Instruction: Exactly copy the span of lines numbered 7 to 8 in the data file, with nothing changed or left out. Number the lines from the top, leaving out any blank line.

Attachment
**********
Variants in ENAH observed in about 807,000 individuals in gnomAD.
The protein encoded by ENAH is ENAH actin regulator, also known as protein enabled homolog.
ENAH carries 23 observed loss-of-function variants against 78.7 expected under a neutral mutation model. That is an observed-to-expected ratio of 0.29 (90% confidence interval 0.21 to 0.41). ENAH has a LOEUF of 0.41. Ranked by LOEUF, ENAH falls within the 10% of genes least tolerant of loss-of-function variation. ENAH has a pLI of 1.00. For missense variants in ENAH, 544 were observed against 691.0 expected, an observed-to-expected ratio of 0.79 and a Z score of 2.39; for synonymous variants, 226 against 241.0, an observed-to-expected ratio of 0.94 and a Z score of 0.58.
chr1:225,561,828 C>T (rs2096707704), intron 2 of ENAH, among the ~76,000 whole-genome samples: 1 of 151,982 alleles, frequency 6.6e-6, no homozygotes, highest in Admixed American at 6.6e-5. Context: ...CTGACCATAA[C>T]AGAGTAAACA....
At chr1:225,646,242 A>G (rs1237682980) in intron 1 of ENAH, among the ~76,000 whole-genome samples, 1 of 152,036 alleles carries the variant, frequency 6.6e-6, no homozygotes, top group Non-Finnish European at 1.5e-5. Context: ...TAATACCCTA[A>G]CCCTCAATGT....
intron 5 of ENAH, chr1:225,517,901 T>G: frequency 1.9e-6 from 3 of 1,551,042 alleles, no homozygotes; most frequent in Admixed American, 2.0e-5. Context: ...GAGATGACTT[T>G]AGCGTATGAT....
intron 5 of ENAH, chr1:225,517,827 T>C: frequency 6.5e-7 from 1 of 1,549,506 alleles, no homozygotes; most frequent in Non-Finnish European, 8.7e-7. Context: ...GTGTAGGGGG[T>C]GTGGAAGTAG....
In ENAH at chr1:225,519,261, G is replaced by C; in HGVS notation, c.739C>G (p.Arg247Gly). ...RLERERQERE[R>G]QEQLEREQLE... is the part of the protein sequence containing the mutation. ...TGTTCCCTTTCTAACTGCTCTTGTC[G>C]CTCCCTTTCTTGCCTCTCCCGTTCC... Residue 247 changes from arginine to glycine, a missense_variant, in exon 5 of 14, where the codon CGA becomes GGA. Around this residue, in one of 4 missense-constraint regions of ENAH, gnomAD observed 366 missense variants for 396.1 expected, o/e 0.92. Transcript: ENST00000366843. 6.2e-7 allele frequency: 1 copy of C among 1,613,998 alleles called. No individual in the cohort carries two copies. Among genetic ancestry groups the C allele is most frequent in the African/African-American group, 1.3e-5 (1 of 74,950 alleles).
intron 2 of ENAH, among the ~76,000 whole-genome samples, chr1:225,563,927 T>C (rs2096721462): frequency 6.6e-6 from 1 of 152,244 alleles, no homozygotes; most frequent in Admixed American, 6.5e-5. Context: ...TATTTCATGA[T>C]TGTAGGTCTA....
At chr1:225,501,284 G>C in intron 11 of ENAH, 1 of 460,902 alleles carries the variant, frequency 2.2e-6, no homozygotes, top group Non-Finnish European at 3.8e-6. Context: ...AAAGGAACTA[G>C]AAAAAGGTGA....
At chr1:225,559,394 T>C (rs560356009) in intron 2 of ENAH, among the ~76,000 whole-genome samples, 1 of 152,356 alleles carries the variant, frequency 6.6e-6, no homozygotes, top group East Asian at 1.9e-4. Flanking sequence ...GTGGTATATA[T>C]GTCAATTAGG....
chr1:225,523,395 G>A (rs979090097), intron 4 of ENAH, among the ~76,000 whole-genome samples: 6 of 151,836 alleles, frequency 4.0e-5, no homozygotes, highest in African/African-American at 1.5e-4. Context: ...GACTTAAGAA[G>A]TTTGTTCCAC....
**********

intron 5 of ENAH, chr1:225,517,827 T>C: frequency 6.5e-7 from 1 of 1,549,506 alleles, no homozygotes; most frequent in Non-Finnish European, 8.7e-7. Context: ...GTGTAGGGGG[T>C]GTGGAAGTAG....
In ENAH at chr1:225,519,261, G is replaced by C; in HGVS notation, c.739C>G (p.Arg247Gly). ...RLERERQERE[R>G]QEQLEREQLE... is the part of the protein sequence containing the mutation. ...TGTTCCCTTTCTAACTGCTCTTGTC[G>C]CTCCCTTTCTTGCCTCTCCCGTTCC... Residue 247 changes from arginine to glycine, a missense_variant, in exon 5 of 14, where the codon CGA becomes GGA. Around this residue, in one of 4 missense-constraint regions of ENAH, gnomAD observed 366 missense variants for 396.1 expected, o/e 0.92. Transcript: ENST00000366843. 6.2e-7 allele frequency: 1 copy of C among 1,613,998 alleles called. No individual in the cohort carries two copies. Among genetic ancestry groups the C allele is most frequent in the African/African-American group, 1.3e-5 (1 of 74,950 alleles).